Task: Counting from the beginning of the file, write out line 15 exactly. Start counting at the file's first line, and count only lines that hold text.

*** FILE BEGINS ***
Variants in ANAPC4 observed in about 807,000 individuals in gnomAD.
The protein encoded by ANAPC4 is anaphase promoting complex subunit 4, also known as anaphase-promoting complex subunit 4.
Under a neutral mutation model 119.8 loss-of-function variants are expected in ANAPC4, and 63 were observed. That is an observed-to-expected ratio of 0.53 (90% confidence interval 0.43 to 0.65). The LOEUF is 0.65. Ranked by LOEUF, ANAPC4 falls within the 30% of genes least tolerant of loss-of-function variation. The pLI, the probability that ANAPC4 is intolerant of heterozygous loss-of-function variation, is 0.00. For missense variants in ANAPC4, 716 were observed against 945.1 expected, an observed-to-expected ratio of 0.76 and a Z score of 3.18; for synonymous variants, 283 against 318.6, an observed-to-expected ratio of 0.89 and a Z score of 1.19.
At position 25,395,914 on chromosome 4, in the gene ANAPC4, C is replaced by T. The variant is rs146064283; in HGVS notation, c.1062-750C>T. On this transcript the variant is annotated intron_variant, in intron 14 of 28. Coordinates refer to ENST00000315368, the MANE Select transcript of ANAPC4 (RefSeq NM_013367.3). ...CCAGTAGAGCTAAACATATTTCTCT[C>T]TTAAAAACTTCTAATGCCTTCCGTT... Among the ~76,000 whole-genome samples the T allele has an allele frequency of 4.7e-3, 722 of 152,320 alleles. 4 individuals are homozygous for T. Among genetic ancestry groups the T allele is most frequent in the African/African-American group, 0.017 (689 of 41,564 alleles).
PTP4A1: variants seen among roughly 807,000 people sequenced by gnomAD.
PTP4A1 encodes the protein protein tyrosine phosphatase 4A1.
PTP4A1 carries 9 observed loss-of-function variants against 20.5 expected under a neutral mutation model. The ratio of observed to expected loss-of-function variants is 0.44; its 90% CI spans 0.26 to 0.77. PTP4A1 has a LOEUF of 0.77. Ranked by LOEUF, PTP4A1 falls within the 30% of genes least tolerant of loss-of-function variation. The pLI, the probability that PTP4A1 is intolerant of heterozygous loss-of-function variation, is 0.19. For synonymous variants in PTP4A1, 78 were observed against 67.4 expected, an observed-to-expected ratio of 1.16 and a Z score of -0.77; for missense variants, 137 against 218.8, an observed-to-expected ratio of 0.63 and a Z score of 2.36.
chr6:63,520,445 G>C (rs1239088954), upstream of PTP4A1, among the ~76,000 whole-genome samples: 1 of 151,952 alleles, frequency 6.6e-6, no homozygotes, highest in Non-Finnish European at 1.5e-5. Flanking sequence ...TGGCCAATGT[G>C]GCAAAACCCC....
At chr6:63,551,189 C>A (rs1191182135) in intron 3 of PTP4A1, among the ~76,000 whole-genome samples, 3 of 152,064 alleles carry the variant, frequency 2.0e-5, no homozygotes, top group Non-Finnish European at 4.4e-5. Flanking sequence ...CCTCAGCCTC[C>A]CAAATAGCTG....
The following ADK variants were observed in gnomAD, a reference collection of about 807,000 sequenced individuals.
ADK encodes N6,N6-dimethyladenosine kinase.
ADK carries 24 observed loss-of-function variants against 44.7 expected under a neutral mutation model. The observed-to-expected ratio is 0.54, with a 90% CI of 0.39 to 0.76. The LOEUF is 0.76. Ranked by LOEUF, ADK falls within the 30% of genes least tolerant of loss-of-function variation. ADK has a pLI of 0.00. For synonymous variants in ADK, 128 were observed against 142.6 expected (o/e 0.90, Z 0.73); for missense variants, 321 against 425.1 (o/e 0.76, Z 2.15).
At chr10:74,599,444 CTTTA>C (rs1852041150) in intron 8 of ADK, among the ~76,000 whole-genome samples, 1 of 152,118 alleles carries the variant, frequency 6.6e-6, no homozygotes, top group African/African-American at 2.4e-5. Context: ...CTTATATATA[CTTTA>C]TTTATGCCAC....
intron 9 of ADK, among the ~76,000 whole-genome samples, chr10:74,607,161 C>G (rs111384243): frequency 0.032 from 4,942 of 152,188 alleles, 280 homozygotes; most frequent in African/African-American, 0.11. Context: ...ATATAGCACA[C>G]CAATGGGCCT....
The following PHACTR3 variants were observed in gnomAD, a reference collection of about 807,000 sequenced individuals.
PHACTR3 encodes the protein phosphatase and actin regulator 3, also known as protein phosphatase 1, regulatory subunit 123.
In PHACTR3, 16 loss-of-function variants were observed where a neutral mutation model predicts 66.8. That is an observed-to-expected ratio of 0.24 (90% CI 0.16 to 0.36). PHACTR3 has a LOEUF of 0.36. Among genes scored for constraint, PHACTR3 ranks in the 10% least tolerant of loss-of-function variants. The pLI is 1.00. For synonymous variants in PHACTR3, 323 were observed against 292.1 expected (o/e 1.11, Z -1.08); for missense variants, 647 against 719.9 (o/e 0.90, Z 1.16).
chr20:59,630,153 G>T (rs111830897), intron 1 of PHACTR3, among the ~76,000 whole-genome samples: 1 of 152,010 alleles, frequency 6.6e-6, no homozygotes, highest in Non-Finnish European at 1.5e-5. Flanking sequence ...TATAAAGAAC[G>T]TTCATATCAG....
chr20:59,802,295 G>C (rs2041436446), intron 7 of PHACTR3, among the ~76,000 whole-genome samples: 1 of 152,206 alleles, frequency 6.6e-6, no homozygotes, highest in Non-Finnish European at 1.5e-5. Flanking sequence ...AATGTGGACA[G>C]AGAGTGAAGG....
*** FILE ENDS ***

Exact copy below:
The following PHACTR3 variants were observed in gnomAD, a reference collection of about 807,000 sequenced individuals.